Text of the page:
Dinocroc (2004)

Roger Corman’s DINOCROC is a true b-movie in the grand tradition of atomic age monster movies. And make no mistake about it; this is an old-fashioned creature feature and not a typical nature gone amok/killer animal movie. The Dinocroc may be a prehistoric Supercroc but gene manipulation has evolved it into a two-legged dinosaur-like creature that makes for a pretty cool movie monster. The film clocks in at a scant 82 minutes (plus almost another 4 minutes of needlessly long end credits to pad out the running time) zipping along at a breezy pace without getting too bogged down with lots of boring exposition, moralizing, etc. The movie doesn’t give you much time to think about what’s going on but then there isn’t a whole lot to think about. Not to say that the movie is completely mindless but that it is simply a straightforward monster movie, nothing more, nothing less. Yes, the plot is flimsy and the characters are mostly one-dimensional yet it still has a likeability factor and sense of fun that helps you to overlook its shortcomings. Each of the primary characters has a purpose for being there and their chemistry playing off of one another helps gloss over the fact that they don’t have much depth to them outside of the position they fill in the story. The fact that they didn’t get on my nerves by being annoying as hell or by constantly doing incredibly stupid things as characters in so many horror movies of today tend to do, especially the low budget variety, is also a major plus. The movie also has one of the best kills I’ve seen in a movie in quite some time and it happens to a character that I didn’t think was going to get it especially in such a brutal fashion. That scene alone was worth it. And kudos to whomever came up with the idea to use a score that sounds more appropriate to a supernatural horror movie than a rampaging reptile monster movie. It enhances the cheese quotient considerably.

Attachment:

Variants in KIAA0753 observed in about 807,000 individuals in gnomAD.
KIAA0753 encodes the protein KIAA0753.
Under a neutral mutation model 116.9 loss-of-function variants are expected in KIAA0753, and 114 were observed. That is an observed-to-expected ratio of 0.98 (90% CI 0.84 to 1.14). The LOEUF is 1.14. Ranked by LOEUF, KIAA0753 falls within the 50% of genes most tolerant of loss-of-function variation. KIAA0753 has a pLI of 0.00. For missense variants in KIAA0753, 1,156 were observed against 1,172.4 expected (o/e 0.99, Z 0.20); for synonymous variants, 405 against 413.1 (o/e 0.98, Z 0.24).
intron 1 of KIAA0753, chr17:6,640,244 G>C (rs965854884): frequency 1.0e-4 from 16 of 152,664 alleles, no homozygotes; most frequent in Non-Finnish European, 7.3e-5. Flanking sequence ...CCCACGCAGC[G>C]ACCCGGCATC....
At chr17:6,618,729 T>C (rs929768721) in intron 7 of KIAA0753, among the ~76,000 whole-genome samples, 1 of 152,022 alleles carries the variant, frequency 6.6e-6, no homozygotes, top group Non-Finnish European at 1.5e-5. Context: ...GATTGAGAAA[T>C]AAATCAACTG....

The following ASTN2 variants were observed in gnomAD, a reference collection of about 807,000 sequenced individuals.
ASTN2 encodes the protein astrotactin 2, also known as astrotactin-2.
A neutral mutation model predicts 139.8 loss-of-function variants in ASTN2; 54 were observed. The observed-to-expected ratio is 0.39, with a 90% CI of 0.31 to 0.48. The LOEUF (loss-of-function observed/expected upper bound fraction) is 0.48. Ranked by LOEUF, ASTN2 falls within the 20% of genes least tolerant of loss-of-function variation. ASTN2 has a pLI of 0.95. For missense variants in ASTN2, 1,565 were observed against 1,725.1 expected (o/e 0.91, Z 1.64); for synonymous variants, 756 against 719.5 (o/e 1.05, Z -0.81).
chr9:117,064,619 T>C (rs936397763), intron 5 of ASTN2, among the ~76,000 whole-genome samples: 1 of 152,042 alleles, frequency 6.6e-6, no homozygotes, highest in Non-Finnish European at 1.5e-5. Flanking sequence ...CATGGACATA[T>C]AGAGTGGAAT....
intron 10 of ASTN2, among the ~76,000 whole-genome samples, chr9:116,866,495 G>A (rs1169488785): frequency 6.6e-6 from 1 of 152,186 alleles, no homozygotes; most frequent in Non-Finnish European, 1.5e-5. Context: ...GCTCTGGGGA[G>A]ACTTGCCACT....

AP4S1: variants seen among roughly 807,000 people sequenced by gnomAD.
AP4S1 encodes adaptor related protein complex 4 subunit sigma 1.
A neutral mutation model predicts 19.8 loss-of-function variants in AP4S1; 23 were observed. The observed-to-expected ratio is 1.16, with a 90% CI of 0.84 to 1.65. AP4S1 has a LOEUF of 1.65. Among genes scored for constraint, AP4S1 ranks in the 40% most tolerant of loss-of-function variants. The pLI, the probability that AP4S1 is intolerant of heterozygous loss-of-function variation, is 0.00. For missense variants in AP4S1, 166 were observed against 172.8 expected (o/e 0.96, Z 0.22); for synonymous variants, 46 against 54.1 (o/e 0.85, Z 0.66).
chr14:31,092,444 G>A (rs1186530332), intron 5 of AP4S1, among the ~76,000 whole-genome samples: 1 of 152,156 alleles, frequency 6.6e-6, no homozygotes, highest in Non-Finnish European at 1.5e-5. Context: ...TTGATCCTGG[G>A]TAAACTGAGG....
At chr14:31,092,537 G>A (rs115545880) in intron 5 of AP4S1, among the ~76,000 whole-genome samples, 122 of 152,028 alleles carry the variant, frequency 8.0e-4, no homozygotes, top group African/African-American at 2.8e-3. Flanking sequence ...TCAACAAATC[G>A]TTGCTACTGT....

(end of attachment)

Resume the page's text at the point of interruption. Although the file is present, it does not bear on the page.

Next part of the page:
What can I say about the Dinocroc itself other than it’s a pretty spiffy looking monster? At times it seemed very reminiscent of the abomination that was the Tristar Godzilla but the Dinocroc is actually a much more fearsome looking beast what with teeth outside of and on top of its mouth and this constant mad dog gleam in its eyes. For a low budget monster movie the CGI was actually pretty darn good. Even at it’s worst it isn’t bad enough to completely take you out of the movie unless you’re just a stickler for computer effects. Much of the CGI is actually on par with or better than that found in some movies with astronomically higher budgets like say THE MUMMY RETURNS and I suspect Dinocroc’s budget was probably only slightly more than the amount spent on that film for Brendan Fraser’s hair. I’ve read that Corman already has a sequel in the planning stages. If so, I hope they give it a bit higher budget and allow the Dinocroc a bit more interaction with the characters next time other than jumping out and going `Rahr!’ every so often as it does for most of the movie. The biggest drawback to this movie’s low budget was lack of screentime for the monster. I wanted more Dinocroc action.

With one more rewrite and a little more budget I think DINOCROC could have been a great monster movie but it will just have to settle for being a fun guilty pleasure and there’s nothing wrong with that. There are far worse ways to spend 86 minutes. Heck, I’ll take this over CARNOSAUR any day of the week.

Author: